The true cost of political gamesmanship

Juan Carlos Martínez Lázaro. Professor. IE Business School

26 February 2013

The day that the Spanish stop viewing corruption through the prism of political struggle and see it as stealing taxpayer’s money, we may have a chance of putting an end to it.

“Look who’s talking...!” This is the only retort that Spain’s political system has managed to come up with in response to the longstanding issue of corruption. For years now corruption, be it individual or collective (the irregular funding of political parties), has been used as a political weapon. Whenever someone in public office or a member of a political party is accused of charging commissions either for themselves or for the party, the other political parties and their friends in the media always see it as an opportunity to throw mud at the party that the person or persons in question belong to. Meanwhile, the accused party always tries to deny it, downplay it or excuse it. And when it becomes impossible to deny the obvious, they launch a counter offensive which consists basically of saying “Well, look who’s talking…!”

When PSOE, the Spanish Socialist Party, accused the Center-right Popular Party (PP)’s of having a connection to the so-called Gürtel corruption scandal, the PP responded by citing the EREs  corruption scandal which occurred in Andalucía. When the PP attacked the PSOE about the Campeón corruption scandal, the PSOE responded by talking about the Orense PP office corruption scandal. And then there are the local party versions, such as the Unió Mallorquina political party scandal, and the thousand court cases it is now facing, Catalonia’s Convergencia party and the Palau scandal, the Unió Party and the Pallerols case, the Basque Country’s PNV Party and the De Miguel case, the famous case of the GIL family and the plundering of Marbella… It’s got the stage now where everyone is accusing everyone else.

Generally speaking, we are more shocked by corruption committed by the members of parties that we do not support, and we tend to deny, forgive or downplay the corrupt practices of parties that share our ideological views. If I vote for PP, I think that the Gürtel case sounds like a setup by the socialist party or an over-liberal judge, while the EREs scandal simply sounds like a disgraceful carry-on. And vice versa. Just like the fans of a football team will always be outraged by a referee’s indulgence of a rival team, and will hardly notice or will always justify any favors done for their own team.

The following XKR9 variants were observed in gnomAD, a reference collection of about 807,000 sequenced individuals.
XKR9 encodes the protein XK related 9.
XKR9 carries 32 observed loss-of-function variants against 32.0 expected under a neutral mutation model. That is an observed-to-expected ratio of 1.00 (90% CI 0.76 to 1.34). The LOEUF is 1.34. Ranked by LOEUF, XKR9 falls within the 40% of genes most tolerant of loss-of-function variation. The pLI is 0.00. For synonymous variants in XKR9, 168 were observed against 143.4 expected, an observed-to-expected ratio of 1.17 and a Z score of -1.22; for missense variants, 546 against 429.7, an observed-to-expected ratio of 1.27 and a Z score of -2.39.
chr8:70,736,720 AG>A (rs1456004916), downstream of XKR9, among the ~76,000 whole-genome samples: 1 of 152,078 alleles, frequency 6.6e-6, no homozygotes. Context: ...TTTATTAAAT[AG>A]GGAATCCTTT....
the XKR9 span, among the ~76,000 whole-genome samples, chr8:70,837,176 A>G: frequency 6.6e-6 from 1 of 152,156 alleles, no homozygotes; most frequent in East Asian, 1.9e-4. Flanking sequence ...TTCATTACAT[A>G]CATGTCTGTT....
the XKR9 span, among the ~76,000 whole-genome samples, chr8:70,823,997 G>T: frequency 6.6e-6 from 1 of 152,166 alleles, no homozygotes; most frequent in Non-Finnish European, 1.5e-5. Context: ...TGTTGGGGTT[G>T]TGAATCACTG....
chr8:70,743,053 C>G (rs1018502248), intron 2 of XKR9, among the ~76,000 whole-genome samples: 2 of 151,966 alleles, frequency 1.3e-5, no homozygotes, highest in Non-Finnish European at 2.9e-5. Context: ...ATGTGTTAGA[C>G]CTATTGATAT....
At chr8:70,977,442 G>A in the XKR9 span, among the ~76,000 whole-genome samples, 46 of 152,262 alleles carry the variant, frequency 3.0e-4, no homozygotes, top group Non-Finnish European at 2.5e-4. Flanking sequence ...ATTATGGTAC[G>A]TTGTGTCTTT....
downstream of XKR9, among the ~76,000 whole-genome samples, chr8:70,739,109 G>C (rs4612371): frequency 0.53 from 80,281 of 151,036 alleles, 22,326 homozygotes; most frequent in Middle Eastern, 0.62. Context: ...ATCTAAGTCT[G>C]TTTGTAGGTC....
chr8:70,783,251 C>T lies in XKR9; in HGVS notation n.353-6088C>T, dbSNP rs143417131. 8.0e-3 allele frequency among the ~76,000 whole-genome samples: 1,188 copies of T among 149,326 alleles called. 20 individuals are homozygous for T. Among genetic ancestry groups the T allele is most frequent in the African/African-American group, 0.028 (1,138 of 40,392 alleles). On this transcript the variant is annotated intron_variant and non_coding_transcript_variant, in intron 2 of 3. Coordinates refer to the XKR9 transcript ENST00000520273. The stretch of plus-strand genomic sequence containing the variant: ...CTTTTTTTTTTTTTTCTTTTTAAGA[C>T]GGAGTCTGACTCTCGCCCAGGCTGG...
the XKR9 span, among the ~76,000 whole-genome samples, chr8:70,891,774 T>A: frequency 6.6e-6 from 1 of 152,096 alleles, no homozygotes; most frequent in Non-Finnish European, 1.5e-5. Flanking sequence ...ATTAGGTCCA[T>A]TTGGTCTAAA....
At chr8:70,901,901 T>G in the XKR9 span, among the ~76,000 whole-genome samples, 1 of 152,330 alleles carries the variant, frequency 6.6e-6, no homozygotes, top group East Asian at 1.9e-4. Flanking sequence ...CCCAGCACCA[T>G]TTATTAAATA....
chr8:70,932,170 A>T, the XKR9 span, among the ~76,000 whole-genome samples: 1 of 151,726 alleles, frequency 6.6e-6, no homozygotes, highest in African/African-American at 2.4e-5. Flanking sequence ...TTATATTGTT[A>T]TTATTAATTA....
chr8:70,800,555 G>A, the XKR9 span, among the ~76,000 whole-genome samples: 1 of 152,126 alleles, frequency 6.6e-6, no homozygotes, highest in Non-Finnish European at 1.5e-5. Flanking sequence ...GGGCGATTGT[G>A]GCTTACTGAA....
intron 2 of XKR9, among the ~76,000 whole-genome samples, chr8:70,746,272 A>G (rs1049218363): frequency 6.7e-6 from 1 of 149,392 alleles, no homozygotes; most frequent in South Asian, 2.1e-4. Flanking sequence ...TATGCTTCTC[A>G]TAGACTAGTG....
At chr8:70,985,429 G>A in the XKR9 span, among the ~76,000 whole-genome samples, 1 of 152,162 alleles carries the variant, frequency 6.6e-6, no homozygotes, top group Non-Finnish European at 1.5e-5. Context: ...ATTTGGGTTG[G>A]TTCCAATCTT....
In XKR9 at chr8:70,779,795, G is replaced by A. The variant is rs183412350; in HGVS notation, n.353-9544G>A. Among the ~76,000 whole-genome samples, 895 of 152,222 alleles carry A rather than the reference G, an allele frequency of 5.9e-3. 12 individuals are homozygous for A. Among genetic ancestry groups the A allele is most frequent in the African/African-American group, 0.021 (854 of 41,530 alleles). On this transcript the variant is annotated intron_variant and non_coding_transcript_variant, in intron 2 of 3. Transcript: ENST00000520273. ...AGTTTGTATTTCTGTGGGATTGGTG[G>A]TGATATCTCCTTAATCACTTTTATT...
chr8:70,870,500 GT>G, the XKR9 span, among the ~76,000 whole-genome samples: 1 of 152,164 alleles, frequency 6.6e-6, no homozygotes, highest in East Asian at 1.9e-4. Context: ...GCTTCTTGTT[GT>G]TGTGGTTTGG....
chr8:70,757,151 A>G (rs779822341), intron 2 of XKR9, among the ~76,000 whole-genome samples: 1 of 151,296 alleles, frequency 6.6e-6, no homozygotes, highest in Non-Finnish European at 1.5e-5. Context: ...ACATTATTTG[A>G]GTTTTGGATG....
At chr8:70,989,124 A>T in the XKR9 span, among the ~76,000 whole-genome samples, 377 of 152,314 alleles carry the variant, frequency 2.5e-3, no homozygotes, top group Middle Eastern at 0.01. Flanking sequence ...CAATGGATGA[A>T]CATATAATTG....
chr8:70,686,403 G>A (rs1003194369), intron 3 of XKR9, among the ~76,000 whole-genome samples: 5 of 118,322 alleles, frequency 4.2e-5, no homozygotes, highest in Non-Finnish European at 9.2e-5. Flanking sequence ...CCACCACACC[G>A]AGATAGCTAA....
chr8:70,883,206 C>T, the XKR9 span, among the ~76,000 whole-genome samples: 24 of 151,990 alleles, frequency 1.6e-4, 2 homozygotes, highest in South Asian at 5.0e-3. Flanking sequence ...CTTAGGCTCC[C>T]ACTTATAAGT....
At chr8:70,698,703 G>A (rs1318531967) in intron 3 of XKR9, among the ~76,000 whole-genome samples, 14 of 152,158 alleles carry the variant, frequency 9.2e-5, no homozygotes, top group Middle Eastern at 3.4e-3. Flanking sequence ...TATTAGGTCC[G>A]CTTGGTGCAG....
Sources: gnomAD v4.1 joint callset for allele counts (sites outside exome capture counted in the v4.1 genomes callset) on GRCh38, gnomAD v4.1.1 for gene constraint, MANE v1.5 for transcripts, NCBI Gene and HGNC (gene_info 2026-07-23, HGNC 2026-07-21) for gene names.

When it comes to finding out who is the worst offender in this particular contest, we rarely take into consideration just how much it is costing the citizens of Spain. If a company has to pay a person or a political party money in order to secure a contract, then the price of that product or service will include the commission that it has to pay. To put it another way, the cost of the service is 10, but seeing as the company will have to pay a commission of 2, it will sell it to the state administration for 12. And, in theory at least, everyone is happy. The company who sells its service, the state department that buys it with money that doesn’t belong to it, the citizens who use the service, and  the person or party who gets the commission, if that is who the money is for. But only in theory, because in the end the surcharge is still 2, and the people who pay for that are the taxpayers. It’s true that for a long time we were blissfully unaware, because all these public works and services were financed by debt and more debt. But the debt era is over and it’s payback time, and now we are paying more taxes for fewer services.

What makes me feel indignant is that I wonder how much of my taxes went on paying commissions that have been paid right left and center over so many years. Or had you forgotten the Naseiro case or the Filesa scandal, to name just a couple?

The sooner we Spanish stop seeing corruption through the prism of political struggle and see it for what it is, namely the robbery of taxpayer’s money paid for by you and me, the sooner we might be able to stamp it out, or at least keep  it down. What is not acceptable, is that there is an institutionalized system of backhanders for parties and individuals that forms part of the day-today of our country, and which we only used to complain about when it was attributed to political adversaries, rather than gauging the overall impact on our collective pockets.

Video

Dean Martha Thorne discusses her thoughts on the Pritzker Prize 2017

See video
Follow us
IE Focus Newsletter
IE Agenda
Most read
IE Business School | María de Molina 11, 28006 Madrid | Tel. +34 91 568 96 00 | e-mail: info@ie.edu

Contacto

IE Business School

María de Molina, 11. 28006 Madrid

Tel. +34 915 689 600

info@ie.edu